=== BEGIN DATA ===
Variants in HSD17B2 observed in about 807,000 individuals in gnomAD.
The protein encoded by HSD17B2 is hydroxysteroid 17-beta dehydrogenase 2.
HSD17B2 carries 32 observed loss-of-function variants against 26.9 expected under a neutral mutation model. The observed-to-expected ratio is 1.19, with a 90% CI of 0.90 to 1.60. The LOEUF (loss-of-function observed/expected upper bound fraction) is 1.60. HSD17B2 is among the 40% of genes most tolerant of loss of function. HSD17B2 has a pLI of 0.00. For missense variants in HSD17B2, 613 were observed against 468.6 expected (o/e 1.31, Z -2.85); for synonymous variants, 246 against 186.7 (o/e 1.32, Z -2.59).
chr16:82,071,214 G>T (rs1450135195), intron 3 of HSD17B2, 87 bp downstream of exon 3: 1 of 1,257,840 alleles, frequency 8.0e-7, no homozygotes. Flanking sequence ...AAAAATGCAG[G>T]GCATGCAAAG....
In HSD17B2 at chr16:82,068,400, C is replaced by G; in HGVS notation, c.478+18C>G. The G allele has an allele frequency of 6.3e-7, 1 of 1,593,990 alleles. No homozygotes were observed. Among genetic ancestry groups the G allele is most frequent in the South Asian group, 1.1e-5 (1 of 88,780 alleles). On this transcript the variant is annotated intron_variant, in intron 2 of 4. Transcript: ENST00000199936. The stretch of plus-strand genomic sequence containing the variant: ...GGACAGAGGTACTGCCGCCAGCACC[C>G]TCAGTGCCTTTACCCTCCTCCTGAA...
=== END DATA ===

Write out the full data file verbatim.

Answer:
Variants in HSD17B2 observed in about 807,000 individuals in gnomAD.
The protein encoded by HSD17B2 is hydroxysteroid 17-beta dehydrogenase 2.
HSD17B2 carries 32 observed loss-of-function variants against 26.9 expected under a neutral mutation model. The observed-to-expected ratio is 1.19, with a 90% CI of 0.90 to 1.60. The LOEUF (loss-of-function observed/expected upper bound fraction) is 1.60. HSD17B2 is among the 40% of genes most tolerant of loss of function. HSD17B2 has a pLI of 0.00. For missense variants in HSD17B2, 613 were observed against 468.6 expected (o/e 1.31, Z -2.85); for synonymous variants, 246 against 186.7 (o/e 1.32, Z -2.59).
chr16:82,071,214 G>T (rs1450135195), intron 3 of HSD17B2, 87 bp downstream of exon 3: 1 of 1,257,840 alleles, frequency 8.0e-7, no homozygotes. Flanking sequence ...AAAAATGCAG[G>T]GCATGCAAAG....
In HSD17B2 at chr16:82,068,400, C is replaced by G; in HGVS notation, c.478+18C>G. The G allele has an allele frequency of 6.3e-7, 1 of 1,593,990 alleles. No homozygotes were observed. Among genetic ancestry groups the G allele is most frequent in the South Asian group, 1.1e-5 (1 of 88,780 alleles). On this transcript the variant is annotated intron_variant, in intron 2 of 4. Transcript: ENST00000199936. The stretch of plus-strand genomic sequence containing the variant: ...GGACAGAGGTACTGCCGCCAGCACC[C>G]TCAGTGCCTTTACCCTCCTCCTGAA...